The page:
Win Tickets ($44): Squid @ Revolution Hall | w/ Water From Your Eyes
We are giving away a pair of tickets to Squid @ Revolution Hall on February 23. To win, comment below on this post why you’d like to attend. Winner will be drawn and emailed February 19.
From our sponsors:
February 23, 2024
7PM Doors, 8PM Show | $22 | 21+
More info: etix.com
1300 SE Stark St., Portland, OR
Teeming with melodic epiphanies and layered sounds, Squid’s second album O Monolith is a musical evocation of environment, domesticity and self-made folklore. Like its predecessor, 2021’s critically acclaimed, UK number 4 album Bright Green Field, it is dense and tricksy – but also more warm and characterful, with a meandering, questioning nature. This is unmistakably music made by friends, but it’s not exclusionary – they’re inviting you in to listen with them.
O Monolith will be released 9th June on Warp Records, it was produced by Dan Carey, mixed by John McEntire of Tortoise and recorded at Real World Studios. There’s a running theme of the relation of people to the environment throughout. There are allusions to the world the band became so immersed in, environmental emergency, the role of domesticity, and the displacement you feel when you’re away for a long time.
Expansive, evocative and hugely varied, O Monolith retains Squid’s restless, enigmatic spirit, but it still holds surprises for those familiar with Bright Green Field. It’s a reflection of the outsized progression of a band always looking to the future. Like its namesake, O Monolith is vast and strange; alive with endless possible interpretations of its inner mysteries.
Water From Your Eyes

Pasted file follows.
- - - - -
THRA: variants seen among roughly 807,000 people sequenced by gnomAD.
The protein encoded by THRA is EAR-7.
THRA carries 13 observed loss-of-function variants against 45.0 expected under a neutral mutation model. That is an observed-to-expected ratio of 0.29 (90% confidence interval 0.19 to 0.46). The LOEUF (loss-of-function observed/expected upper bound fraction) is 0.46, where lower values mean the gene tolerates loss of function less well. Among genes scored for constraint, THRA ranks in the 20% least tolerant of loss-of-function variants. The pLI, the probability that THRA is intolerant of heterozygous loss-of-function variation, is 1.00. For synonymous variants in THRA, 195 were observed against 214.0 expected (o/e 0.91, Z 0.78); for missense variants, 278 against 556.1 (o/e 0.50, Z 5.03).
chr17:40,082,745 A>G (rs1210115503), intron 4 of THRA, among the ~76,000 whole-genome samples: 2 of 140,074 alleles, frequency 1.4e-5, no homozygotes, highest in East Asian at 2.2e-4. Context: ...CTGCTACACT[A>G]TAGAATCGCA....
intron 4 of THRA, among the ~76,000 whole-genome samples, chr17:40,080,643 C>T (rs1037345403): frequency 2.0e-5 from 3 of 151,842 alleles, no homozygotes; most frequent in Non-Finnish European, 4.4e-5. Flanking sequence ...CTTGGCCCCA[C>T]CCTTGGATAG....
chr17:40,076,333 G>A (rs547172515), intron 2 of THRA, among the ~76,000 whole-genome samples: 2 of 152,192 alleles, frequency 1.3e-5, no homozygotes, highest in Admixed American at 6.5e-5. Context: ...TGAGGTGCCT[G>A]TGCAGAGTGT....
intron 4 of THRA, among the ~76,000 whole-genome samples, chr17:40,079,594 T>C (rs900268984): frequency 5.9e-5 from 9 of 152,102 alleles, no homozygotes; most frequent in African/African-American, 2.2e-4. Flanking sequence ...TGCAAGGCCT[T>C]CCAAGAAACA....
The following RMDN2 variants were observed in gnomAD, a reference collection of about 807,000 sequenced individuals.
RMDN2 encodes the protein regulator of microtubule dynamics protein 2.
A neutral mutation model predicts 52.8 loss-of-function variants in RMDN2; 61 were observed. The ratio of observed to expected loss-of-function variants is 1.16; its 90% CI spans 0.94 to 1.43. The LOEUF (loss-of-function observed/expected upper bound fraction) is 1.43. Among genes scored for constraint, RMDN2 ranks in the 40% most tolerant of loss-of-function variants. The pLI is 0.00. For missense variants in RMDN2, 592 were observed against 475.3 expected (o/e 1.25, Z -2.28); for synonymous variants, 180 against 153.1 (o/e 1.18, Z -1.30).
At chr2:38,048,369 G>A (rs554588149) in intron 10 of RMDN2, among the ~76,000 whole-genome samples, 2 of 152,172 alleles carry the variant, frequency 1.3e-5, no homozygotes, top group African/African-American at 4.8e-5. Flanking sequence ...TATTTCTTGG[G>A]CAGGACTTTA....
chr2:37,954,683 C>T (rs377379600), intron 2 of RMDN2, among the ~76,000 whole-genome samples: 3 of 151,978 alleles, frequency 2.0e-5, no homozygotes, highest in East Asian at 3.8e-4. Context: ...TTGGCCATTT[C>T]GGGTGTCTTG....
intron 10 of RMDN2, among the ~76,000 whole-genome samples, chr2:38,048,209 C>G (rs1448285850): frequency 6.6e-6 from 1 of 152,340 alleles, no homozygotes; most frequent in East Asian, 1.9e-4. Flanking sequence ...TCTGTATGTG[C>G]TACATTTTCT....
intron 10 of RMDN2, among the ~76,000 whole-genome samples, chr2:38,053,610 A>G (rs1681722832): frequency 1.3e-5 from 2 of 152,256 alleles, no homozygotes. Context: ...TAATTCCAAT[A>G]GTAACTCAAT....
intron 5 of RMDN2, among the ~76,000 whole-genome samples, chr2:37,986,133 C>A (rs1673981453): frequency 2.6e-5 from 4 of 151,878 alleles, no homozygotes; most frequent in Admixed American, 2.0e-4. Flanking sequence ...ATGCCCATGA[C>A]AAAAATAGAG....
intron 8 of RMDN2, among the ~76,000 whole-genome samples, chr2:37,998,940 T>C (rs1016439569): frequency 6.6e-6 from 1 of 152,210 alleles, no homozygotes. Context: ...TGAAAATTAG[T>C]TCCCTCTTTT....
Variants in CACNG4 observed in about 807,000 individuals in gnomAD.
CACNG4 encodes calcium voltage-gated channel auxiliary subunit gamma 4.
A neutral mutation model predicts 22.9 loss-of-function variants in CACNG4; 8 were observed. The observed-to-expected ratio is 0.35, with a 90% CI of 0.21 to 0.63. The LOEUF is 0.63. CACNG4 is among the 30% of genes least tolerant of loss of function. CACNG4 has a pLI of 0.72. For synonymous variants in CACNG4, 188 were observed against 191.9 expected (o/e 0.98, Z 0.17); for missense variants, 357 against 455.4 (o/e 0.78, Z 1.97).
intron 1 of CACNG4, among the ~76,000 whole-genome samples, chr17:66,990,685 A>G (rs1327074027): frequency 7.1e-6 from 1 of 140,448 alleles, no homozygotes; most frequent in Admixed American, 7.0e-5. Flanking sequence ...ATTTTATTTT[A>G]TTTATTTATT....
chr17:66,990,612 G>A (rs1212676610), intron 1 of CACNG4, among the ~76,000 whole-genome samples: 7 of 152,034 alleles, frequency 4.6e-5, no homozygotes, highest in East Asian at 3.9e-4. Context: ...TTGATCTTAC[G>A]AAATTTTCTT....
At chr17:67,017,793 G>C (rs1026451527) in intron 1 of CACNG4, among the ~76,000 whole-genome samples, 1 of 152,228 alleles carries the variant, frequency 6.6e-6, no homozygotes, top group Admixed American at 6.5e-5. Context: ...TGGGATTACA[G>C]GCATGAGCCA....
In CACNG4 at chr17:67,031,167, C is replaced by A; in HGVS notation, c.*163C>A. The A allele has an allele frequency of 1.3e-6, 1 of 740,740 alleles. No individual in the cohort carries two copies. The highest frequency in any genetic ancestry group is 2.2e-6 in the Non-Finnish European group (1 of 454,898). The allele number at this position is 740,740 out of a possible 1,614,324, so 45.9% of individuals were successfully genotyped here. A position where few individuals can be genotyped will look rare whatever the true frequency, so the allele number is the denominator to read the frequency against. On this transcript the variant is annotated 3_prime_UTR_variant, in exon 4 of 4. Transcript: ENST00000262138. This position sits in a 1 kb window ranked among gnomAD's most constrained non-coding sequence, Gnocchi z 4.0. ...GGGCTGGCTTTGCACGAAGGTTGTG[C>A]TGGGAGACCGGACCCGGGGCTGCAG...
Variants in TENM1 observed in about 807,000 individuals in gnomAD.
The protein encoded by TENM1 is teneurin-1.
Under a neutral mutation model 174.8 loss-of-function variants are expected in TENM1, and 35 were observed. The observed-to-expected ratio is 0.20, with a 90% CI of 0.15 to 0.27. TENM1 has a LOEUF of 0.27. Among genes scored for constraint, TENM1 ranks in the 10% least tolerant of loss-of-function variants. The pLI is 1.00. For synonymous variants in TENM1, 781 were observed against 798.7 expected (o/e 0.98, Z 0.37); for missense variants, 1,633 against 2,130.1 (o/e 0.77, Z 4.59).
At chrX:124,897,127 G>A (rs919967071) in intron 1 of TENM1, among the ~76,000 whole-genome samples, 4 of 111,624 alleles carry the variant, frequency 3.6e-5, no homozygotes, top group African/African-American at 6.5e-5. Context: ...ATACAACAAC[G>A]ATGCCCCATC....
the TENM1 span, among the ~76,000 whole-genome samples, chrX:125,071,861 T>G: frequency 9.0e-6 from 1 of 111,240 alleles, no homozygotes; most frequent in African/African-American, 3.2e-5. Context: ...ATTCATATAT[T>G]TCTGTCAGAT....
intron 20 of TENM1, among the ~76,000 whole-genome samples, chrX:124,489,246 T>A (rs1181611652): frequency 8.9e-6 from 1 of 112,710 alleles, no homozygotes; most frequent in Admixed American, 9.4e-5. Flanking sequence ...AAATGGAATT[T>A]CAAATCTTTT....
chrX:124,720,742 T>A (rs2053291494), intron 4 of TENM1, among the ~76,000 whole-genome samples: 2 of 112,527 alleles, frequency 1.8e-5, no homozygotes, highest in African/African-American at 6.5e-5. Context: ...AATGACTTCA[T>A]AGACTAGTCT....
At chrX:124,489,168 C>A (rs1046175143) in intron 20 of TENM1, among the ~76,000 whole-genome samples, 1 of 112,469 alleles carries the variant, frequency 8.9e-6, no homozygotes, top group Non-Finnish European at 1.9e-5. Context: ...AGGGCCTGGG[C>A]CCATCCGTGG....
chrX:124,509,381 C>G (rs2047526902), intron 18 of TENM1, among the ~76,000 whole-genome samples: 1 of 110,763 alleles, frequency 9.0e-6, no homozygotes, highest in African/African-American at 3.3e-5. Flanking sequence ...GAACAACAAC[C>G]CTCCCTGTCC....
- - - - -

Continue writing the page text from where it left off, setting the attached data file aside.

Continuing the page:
Life is horribly dark right now. And yet, it is not unfunny.
That’s the sentiment that animates Water From Your Eyes on their new album, and first for Matador, Everyone’s Crushed. On the follow-up to the Brooklyn duo’s 2021 breakthrough, Structure, Rachel Brown (they/them) and Nate Amos (he/him) find silliness and fatalism dancing in a frantic lockstep, using heart palpitating rhythms and absurdist, deadpan lyrics to convey stories of personal and societal unease. Described by Brown as Water From Your Eyes’ most collaborative record ever – and, as such, a kind of reset for the pair, almost like a debut, despite technically being their sixth – it’s a swollen contusion of an album: experimental pop music that’s pretty and violent, raw and indelible.
The duo started making music together in 2016 while living in Chicago, after Amos played Brown some New Order and they decided they wanted to start a “sad dance band.” Both musicians in their own right, and a couple at the time, they made their self-titled debut EP in a week. Over the next few years, Water From Your Eyes’ music drifted toward rangier and less conventional sounds, incorporating serene industrial polyrhythms, ambient drone music, and contemporary composition.